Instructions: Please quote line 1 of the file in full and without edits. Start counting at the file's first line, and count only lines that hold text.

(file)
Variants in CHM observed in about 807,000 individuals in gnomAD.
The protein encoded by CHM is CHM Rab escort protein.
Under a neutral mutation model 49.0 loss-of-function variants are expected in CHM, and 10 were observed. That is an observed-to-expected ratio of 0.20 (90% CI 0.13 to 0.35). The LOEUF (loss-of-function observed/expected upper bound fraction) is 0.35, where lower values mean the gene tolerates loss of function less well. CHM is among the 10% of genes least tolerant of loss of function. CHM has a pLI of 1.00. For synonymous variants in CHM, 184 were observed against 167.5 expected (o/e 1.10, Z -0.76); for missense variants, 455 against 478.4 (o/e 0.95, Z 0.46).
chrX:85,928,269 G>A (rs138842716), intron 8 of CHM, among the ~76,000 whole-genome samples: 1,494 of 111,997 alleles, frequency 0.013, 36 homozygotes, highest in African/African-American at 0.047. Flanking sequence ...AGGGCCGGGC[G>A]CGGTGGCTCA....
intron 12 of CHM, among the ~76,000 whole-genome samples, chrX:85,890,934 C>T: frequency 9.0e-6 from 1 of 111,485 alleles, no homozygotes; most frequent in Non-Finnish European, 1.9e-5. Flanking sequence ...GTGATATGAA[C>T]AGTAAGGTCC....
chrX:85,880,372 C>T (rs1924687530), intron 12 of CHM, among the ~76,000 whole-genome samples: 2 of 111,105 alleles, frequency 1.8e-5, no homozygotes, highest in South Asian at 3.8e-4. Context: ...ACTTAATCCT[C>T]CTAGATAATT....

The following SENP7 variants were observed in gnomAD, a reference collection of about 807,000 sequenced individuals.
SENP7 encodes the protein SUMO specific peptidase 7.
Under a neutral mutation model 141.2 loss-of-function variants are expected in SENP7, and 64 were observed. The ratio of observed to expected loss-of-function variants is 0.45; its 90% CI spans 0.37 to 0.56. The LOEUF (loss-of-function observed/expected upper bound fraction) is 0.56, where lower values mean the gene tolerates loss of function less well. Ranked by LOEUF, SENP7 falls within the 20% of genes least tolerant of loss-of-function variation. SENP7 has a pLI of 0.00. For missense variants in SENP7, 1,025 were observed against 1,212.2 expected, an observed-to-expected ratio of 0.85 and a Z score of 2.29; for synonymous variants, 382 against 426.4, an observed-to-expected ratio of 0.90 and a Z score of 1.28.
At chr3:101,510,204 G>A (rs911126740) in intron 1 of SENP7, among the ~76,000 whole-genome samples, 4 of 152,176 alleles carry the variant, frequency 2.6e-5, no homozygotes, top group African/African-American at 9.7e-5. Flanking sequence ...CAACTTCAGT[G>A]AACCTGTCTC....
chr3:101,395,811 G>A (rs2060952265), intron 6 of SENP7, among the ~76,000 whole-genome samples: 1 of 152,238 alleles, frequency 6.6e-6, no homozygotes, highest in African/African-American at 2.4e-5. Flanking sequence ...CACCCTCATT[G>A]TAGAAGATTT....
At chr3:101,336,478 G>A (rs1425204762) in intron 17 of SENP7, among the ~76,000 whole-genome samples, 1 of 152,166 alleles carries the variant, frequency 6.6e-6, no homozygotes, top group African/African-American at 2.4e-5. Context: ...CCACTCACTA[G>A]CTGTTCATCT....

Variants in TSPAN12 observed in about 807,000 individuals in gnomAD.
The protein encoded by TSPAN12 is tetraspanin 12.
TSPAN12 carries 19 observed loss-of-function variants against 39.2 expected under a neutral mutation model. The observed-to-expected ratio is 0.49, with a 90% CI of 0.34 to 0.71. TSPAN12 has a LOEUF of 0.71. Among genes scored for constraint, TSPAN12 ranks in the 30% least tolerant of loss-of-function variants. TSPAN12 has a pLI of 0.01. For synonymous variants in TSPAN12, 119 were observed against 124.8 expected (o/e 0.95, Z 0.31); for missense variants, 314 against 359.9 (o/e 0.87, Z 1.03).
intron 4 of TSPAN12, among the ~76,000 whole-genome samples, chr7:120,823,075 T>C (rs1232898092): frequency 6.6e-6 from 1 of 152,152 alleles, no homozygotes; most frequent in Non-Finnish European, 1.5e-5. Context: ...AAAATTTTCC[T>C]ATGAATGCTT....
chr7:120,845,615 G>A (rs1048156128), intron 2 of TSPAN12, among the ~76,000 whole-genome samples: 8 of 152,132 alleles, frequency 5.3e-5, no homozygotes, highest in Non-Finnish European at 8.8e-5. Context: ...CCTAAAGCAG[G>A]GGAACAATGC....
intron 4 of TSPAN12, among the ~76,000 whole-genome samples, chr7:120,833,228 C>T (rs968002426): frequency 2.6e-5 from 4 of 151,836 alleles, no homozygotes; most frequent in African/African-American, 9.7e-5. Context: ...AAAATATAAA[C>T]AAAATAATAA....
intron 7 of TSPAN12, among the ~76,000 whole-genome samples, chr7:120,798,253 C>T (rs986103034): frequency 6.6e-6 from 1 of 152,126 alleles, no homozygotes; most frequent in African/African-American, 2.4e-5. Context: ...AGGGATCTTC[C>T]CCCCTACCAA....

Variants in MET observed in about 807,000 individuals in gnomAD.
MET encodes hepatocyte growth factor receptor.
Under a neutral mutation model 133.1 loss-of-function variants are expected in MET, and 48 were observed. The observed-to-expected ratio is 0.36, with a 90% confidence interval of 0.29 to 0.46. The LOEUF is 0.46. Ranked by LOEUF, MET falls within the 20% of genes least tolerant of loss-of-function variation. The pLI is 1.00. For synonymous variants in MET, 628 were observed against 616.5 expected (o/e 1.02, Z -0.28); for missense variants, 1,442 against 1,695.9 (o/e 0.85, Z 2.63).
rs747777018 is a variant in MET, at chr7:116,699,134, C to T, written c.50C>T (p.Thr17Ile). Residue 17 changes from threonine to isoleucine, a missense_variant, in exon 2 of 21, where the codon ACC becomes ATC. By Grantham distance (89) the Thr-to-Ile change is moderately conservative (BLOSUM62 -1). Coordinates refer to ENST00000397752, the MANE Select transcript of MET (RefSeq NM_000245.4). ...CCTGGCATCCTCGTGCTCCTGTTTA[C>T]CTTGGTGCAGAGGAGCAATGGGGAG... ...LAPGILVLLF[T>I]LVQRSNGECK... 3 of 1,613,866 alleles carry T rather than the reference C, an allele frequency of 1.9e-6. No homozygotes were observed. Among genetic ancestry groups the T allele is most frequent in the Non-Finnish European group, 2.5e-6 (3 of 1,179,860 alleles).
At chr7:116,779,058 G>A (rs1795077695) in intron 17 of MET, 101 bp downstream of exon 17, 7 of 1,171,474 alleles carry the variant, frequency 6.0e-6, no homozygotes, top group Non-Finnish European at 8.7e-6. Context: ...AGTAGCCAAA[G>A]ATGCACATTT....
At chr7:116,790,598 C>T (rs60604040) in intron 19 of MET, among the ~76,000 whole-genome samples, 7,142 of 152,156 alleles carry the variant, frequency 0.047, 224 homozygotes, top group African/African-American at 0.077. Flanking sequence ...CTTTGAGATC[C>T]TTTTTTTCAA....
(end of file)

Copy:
Variants in CHM observed in about 807,000 individuals in gnomAD.